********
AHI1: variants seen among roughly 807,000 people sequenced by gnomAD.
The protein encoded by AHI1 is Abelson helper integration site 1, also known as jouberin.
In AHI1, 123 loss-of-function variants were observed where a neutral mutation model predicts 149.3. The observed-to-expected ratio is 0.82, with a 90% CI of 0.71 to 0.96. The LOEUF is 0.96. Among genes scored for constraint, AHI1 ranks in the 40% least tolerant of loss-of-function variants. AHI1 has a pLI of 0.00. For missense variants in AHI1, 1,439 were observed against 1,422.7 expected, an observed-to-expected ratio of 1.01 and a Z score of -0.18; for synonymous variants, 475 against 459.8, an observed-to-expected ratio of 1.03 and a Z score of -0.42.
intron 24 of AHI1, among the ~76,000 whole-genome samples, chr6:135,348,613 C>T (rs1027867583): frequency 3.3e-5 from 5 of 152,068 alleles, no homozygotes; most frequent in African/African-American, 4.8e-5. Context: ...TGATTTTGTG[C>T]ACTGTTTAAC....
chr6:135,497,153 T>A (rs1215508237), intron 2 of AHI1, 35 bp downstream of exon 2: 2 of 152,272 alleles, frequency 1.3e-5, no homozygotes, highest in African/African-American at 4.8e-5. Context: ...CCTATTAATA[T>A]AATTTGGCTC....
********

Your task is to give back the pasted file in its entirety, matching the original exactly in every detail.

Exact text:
AHI1: variants seen among roughly 807,000 people sequenced by gnomAD.
The protein encoded by AHI1 is Abelson helper integration site 1, also known as jouberin.
In AHI1, 123 loss-of-function variants were observed where a neutral mutation model predicts 149.3. The observed-to-expected ratio is 0.82, with a 90% CI of 0.71 to 0.96. The LOEUF is 0.96. Among genes scored for constraint, AHI1 ranks in the 40% least tolerant of loss-of-function variants. AHI1 has a pLI of 0.00. For missense variants in AHI1, 1,439 were observed against 1,422.7 expected, an observed-to-expected ratio of 1.01 and a Z score of -0.18; for synonymous variants, 475 against 459.8, an observed-to-expected ratio of 1.03 and a Z score of -0.42.
intron 24 of AHI1, among the ~76,000 whole-genome samples, chr6:135,348,613 C>T (rs1027867583): frequency 3.3e-5 from 5 of 152,068 alleles, no homozygotes; most frequent in African/African-American, 4.8e-5. Context: ...TGATTTTGTG[C>T]ACTGTTTAAC....
chr6:135,497,153 T>A (rs1215508237), intron 2 of AHI1, 35 bp downstream of exon 2: 2 of 152,272 alleles, frequency 1.3e-5, no homozygotes, highest in African/African-American at 4.8e-5. Context: ...CCTATTAATA[T>A]AATTTGGCTC....